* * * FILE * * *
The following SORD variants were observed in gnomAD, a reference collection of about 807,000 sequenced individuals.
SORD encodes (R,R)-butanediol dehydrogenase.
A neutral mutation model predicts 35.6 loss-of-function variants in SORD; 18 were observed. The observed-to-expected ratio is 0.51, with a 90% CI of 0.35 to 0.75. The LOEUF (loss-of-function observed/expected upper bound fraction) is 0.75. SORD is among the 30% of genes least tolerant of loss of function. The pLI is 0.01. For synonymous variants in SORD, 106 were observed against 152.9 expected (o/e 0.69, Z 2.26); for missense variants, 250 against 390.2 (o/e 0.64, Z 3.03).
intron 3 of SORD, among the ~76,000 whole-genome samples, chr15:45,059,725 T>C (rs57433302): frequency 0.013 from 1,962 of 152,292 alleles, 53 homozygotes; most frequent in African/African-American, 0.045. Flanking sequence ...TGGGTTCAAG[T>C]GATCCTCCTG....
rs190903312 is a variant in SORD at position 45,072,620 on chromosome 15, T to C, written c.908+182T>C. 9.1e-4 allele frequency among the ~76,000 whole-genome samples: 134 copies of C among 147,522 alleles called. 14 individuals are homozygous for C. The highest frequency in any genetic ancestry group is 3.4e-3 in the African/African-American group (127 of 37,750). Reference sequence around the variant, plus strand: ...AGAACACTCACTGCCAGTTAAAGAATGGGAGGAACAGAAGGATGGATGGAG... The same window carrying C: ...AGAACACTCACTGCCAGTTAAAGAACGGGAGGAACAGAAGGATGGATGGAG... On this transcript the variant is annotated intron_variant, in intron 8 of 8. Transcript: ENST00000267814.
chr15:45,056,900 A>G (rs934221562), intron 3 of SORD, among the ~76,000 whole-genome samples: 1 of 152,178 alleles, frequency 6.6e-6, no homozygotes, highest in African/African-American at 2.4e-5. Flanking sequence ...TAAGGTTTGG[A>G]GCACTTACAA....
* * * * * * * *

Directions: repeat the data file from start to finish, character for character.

The following SORD variants were observed in gnomAD, a reference collection of about 807,000 sequenced individuals.
SORD encodes (R,R)-butanediol dehydrogenase.
A neutral mutation model predicts 35.6 loss-of-function variants in SORD; 18 were observed. The observed-to-expected ratio is 0.51, with a 90% CI of 0.35 to 0.75. The LOEUF (loss-of-function observed/expected upper bound fraction) is 0.75. SORD is among the 30% of genes least tolerant of loss of function. The pLI is 0.01. For synonymous variants in SORD, 106 were observed against 152.9 expected (o/e 0.69, Z 2.26); for missense variants, 250 against 390.2 (o/e 0.64, Z 3.03).
intron 3 of SORD, among the ~76,000 whole-genome samples, chr15:45,059,725 T>C (rs57433302): frequency 0.013 from 1,962 of 152,292 alleles, 53 homozygotes; most frequent in African/African-American, 0.045. Flanking sequence ...TGGGTTCAAG[T>C]GATCCTCCTG....
rs190903312 is a variant in SORD at position 45,072,620 on chromosome 15, T to C, written c.908+182T>C. 9.1e-4 allele frequency among the ~76,000 whole-genome samples: 134 copies of C among 147,522 alleles called. 14 individuals are homozygous for C. The highest frequency in any genetic ancestry group is 3.4e-3 in the African/African-American group (127 of 37,750). Reference sequence around the variant, plus strand: ...AGAACACTCACTGCCAGTTAAAGAATGGGAGGAACAGAAGGATGGATGGAG... The same window carrying C: ...AGAACACTCACTGCCAGTTAAAGAACGGGAGGAACAGAAGGATGGATGGAG... On this transcript the variant is annotated intron_variant, in intron 8 of 8. Transcript: ENST00000267814.
chr15:45,056,900 A>G (rs934221562), intron 3 of SORD, among the ~76,000 whole-genome samples: 1 of 152,178 alleles, frequency 6.6e-6, no homozygotes, highest in African/African-American at 2.4e-5. Flanking sequence ...TAAGGTTTGG[A>G]GCACTTACAA....